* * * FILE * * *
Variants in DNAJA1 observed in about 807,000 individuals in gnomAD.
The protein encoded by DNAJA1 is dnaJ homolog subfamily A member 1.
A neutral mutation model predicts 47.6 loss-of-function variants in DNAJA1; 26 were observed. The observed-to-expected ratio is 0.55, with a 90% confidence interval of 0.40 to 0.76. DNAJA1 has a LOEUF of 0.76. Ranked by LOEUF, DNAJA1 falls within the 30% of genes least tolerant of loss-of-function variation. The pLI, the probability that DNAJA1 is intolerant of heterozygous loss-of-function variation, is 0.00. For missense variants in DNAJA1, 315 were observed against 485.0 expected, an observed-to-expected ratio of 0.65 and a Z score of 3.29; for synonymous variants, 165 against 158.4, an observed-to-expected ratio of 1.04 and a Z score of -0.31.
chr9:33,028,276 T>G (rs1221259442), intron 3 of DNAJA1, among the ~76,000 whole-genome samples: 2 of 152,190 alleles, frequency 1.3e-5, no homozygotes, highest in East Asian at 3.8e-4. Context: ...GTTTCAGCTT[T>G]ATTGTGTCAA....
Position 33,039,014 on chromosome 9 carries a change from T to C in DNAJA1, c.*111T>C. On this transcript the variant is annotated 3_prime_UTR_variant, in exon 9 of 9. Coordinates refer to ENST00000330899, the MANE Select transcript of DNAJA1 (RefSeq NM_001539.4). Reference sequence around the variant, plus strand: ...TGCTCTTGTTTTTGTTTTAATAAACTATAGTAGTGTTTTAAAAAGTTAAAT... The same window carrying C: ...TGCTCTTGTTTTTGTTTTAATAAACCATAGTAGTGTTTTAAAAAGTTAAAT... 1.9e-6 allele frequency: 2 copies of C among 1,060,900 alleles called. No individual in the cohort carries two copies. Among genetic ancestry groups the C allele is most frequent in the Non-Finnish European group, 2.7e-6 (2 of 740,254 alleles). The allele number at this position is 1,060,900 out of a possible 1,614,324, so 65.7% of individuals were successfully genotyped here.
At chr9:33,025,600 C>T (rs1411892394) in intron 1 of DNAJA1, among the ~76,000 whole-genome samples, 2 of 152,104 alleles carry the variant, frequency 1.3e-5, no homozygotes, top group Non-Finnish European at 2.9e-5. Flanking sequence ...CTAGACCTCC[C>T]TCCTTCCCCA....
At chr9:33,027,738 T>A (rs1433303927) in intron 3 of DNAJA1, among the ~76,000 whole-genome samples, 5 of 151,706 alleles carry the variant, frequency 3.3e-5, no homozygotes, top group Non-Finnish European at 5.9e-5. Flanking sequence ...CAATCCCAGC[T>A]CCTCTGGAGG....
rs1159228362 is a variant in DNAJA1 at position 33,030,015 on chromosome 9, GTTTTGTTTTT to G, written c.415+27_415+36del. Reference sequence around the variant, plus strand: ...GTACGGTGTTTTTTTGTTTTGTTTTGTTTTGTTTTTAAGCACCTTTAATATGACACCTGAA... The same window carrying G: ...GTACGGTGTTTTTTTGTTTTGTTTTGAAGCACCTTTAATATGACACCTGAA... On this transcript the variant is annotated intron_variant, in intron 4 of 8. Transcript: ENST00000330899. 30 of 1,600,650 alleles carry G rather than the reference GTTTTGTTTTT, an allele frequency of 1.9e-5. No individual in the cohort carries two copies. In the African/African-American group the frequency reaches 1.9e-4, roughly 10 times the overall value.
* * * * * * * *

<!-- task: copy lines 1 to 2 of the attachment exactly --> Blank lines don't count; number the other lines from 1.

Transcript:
Variants in DNAJA1 observed in about 807,000 individuals in gnomAD.
The protein encoded by DNAJA1 is dnaJ homolog subfamily A member 1.